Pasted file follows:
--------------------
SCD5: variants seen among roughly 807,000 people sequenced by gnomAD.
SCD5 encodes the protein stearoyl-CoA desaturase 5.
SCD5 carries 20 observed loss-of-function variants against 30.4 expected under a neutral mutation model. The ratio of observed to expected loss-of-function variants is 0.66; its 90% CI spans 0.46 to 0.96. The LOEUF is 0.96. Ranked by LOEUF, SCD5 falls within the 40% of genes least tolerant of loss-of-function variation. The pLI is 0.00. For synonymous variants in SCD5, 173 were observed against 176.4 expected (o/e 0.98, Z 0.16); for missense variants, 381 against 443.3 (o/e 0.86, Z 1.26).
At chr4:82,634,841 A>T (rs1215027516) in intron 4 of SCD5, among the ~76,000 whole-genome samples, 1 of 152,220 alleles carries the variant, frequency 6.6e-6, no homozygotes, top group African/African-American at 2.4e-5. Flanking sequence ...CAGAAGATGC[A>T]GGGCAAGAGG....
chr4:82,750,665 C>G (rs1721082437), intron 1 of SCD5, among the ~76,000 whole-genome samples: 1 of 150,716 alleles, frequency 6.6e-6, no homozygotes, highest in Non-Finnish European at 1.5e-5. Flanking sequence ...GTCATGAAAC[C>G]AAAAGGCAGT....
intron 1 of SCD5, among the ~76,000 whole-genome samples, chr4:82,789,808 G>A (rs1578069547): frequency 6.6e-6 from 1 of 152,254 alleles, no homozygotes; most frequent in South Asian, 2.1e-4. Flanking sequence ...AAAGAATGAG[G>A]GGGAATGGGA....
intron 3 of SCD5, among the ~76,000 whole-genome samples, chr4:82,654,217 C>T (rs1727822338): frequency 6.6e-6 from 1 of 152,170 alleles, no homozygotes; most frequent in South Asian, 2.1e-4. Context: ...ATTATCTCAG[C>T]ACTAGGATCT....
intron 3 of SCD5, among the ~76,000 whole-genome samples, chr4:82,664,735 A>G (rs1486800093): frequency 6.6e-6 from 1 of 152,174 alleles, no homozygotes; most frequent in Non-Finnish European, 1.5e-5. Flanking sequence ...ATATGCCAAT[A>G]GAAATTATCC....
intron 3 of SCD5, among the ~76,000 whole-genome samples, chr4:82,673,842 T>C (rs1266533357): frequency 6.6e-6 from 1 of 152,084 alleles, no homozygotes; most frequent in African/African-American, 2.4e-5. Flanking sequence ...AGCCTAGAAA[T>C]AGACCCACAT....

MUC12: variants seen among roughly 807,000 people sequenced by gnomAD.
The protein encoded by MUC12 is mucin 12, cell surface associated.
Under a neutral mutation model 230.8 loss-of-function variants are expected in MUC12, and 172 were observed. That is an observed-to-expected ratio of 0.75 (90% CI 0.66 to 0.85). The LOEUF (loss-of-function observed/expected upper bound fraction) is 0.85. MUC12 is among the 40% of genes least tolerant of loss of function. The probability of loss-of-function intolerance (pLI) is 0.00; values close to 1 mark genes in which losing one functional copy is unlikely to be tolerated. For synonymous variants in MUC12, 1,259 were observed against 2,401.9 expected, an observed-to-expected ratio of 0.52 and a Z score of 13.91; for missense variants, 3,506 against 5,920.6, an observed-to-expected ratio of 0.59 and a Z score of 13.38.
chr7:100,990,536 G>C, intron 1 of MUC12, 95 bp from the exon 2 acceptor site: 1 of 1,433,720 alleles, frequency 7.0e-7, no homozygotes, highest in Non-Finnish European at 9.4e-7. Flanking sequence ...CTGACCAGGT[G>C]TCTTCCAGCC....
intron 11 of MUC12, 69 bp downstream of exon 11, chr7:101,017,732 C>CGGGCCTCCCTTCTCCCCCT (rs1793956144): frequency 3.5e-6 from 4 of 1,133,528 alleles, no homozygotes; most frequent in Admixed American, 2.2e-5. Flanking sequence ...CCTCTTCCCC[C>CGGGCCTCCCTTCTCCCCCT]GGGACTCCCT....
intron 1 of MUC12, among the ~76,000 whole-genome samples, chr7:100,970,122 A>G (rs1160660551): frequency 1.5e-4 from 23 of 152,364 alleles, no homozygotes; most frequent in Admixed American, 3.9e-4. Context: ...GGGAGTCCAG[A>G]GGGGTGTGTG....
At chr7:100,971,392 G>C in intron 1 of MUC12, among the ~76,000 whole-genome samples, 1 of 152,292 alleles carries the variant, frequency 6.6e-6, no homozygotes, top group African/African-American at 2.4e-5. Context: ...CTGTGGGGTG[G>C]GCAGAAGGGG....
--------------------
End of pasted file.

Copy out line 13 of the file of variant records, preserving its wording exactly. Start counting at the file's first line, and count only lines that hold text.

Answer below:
chr7:100,990,536 G>C, intron 1 of MUC12, 95 bp from the exon 2 acceptor site: 1 of 1,433,720 alleles, frequency 7.0e-7, no homozygotes, highest in Non-Finnish European at 9.4e-7. Flanking sequence ...CTGACCAGGT[G>C]TCTTCCAGCC....